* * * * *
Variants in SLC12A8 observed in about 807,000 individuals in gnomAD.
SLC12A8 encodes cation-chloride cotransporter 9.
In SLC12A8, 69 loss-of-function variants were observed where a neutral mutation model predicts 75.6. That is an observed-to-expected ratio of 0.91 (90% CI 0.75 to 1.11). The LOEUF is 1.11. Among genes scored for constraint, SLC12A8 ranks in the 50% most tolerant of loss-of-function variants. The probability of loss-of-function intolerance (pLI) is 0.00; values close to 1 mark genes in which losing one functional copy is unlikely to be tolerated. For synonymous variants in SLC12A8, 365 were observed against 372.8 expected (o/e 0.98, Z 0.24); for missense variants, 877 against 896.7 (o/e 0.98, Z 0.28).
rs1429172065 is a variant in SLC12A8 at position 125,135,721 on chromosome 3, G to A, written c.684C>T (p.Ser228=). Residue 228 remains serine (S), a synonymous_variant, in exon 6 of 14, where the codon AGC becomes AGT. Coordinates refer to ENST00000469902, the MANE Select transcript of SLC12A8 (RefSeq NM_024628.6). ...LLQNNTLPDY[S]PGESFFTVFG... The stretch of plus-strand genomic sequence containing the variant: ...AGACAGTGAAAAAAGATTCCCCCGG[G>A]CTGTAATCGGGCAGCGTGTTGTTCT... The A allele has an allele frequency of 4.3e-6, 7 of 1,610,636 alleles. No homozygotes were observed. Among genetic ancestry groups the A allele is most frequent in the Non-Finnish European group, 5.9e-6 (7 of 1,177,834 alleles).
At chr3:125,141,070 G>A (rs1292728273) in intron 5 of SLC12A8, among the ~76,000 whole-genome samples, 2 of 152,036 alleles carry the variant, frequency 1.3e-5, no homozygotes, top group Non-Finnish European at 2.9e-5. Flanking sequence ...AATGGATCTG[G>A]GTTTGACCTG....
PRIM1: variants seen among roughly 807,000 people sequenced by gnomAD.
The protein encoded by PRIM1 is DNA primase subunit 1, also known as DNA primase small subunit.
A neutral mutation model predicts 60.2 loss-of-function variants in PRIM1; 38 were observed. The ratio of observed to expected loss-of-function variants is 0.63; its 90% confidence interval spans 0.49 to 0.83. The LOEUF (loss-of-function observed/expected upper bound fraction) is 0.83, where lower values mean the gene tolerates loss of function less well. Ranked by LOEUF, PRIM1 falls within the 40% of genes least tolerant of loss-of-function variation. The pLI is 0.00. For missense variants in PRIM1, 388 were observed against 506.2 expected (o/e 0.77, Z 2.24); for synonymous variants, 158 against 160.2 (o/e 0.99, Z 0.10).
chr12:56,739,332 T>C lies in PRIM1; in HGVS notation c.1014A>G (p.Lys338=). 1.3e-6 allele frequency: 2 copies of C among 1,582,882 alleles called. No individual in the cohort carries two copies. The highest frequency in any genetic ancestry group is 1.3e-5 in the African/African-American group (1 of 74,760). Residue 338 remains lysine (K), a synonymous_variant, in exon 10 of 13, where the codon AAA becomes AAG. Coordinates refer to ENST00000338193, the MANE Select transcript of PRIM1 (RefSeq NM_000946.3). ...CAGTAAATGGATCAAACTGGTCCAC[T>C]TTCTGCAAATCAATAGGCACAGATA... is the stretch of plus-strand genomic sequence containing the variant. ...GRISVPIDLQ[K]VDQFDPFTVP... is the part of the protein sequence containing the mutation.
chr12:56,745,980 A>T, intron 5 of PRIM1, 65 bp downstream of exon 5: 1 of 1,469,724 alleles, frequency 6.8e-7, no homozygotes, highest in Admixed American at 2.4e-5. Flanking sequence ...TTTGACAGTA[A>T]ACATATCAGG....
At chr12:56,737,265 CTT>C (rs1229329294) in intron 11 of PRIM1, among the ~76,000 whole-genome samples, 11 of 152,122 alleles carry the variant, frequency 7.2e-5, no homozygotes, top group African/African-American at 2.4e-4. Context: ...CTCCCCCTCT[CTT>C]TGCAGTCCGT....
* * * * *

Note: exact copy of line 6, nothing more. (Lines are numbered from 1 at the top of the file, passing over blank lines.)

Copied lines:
PRIM1: variants seen among roughly 807,000 people sequenced by gnomAD.